In 1990, 33% of respondents who used alternative therapies used them not for a particular medical condition but rather for health promotion or disease prevention. In 1997, 58% of alternative therapies were used for these purposes. Despite these dramatic increases in use, the extent to which patients are disclosing their use of alternative therapies to their physicians during history-taking remains low. In the 1990 and 1997 studies, fewer than 40% of patients disclosed their use of alternative therapies to their physicians. Therefore, there has been no increase in patient and physician understanding of the need to include alternative therapies as a part of the patient history. Before we embark on a strategy to develop an increased understanding for the need to incorporate herbal therapy history into the conventional medication history of the patient’s medical record, the reasons for the increased use of alternative medicine need to be explored.

At present, there is no definitive response to this question. In a national study of the reasons for alternative medicine use, Austin proposed three theories:

  • Patients have become dissatisfied with conventional treatments. Reasons cited include ineffectiveness, adverse effects, cost, and a health care system that has become too technologically oriented instead of personally oriented.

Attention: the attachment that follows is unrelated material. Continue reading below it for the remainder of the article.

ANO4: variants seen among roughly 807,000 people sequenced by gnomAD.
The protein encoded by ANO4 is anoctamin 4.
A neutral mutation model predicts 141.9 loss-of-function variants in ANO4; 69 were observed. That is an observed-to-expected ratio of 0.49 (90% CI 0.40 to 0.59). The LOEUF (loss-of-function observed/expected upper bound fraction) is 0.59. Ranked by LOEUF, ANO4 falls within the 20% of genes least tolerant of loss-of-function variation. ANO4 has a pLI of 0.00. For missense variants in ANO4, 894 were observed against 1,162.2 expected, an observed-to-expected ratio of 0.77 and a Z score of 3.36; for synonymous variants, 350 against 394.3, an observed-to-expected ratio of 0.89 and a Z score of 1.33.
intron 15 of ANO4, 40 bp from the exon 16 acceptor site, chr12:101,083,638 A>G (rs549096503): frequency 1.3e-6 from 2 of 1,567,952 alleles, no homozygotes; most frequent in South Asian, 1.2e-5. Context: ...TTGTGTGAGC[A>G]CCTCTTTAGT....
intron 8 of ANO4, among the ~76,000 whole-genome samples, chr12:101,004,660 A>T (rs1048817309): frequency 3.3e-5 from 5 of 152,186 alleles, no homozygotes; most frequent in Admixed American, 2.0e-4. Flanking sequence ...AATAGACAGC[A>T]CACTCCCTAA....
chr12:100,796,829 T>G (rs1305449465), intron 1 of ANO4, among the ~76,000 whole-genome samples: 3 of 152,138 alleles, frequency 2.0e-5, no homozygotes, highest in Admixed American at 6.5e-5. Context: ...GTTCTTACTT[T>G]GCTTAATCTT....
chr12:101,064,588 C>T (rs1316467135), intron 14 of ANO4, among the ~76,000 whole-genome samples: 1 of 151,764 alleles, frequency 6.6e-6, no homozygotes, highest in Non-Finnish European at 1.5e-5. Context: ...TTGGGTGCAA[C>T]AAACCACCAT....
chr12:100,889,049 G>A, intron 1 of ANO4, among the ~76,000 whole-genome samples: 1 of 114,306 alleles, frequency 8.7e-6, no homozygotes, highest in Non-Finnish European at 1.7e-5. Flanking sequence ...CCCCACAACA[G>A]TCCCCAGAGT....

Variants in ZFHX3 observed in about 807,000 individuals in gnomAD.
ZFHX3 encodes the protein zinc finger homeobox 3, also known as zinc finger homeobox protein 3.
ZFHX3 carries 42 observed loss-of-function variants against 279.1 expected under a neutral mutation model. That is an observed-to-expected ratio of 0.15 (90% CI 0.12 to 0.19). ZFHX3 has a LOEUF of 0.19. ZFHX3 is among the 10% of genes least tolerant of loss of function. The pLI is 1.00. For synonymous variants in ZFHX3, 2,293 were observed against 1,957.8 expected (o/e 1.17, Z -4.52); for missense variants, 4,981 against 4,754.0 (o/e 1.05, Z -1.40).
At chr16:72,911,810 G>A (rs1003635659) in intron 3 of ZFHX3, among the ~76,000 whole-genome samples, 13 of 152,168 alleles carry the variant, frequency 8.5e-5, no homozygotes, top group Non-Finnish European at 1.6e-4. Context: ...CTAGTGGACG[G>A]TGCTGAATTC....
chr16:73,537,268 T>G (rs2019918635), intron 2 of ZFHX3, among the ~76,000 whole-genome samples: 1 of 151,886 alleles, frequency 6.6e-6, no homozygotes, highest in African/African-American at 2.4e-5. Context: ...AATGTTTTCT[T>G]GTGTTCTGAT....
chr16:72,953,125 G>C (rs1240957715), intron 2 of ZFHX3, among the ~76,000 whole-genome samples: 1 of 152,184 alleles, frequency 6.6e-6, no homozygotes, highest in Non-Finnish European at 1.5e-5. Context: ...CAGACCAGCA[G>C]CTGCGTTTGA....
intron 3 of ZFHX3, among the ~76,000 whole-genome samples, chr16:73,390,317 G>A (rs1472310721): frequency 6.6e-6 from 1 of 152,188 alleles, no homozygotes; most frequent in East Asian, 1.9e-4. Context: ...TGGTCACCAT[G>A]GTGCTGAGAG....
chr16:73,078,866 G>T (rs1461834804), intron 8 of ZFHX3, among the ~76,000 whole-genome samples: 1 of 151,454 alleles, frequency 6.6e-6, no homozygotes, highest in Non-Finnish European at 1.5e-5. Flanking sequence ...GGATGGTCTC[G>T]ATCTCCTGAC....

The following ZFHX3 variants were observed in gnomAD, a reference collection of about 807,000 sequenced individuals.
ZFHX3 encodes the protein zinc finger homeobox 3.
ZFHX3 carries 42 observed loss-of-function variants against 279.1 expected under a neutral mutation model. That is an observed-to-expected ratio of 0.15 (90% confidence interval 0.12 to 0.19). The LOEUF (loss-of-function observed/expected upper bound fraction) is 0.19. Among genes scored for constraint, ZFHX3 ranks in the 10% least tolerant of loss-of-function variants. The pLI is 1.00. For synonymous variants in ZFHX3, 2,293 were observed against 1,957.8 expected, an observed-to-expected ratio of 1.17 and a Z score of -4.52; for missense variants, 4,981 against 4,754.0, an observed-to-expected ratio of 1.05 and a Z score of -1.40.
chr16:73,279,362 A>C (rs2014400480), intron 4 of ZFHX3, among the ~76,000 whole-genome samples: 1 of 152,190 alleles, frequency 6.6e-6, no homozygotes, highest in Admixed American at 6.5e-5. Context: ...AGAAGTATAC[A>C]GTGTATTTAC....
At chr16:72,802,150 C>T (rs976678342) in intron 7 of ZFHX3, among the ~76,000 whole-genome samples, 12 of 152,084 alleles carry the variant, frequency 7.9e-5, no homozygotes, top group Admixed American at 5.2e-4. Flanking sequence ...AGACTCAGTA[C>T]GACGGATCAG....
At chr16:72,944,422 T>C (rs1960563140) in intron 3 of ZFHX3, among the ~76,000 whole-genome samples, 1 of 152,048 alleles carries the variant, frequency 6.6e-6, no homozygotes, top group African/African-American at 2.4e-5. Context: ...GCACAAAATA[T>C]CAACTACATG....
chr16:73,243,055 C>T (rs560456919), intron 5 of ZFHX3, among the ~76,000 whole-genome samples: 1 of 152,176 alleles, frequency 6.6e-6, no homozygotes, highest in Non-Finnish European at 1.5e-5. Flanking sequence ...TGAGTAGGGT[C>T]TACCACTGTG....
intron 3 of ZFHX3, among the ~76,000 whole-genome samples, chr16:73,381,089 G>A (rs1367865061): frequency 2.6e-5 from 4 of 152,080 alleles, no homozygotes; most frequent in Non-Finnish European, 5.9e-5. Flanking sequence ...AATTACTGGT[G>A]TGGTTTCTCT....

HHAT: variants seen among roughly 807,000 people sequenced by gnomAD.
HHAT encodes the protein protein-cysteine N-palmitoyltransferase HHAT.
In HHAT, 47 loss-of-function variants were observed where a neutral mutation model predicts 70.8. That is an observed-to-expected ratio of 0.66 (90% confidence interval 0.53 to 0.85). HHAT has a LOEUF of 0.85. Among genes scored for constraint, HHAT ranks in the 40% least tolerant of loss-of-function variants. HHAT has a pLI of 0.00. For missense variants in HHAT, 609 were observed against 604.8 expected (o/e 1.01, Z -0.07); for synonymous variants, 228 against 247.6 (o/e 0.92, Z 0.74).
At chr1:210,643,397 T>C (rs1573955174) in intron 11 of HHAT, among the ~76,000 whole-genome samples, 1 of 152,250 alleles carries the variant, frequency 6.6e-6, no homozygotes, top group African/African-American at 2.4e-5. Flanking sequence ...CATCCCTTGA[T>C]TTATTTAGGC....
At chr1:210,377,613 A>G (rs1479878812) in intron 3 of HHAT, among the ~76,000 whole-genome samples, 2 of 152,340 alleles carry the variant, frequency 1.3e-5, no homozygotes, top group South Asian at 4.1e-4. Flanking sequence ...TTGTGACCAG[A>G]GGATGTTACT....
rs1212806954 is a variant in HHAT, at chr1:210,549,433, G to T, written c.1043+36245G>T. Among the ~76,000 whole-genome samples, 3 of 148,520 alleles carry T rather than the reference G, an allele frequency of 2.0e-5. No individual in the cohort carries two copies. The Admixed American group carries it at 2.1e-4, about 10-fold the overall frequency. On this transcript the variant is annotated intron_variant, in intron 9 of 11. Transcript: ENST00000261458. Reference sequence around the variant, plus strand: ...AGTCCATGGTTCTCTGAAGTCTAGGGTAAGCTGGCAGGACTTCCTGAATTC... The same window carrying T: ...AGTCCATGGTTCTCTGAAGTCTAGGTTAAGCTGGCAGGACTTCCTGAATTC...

• Patients need personal control. Alternative therapies are perceived as less authoritarian, less secretive, and more empowering. Patients see conventional health care as originating from a closed community of doctors who often treat them without providing them with an understanding of the methodology, risks, and benefits of these treatments.

Today’s consumers want care involving some personal autonomy and control over their health care and treatment decisions.

Alternative therapies may seem attractive because they are seen as more compatible and consistent with patient values, such as the patient’s world view and spiritual or religious beliefs regarding the nature of health and illness. eriacta

The following independent variables were used to express rationale for CAM use:

  • the patient’s (dis)satisfaction with conventional medicine
  • the need for patient control over therapy
  • the patient’s philosophy and values regarding health care
  • the patient’s belief in the efficacy of conventional medicine
  • the patient’s health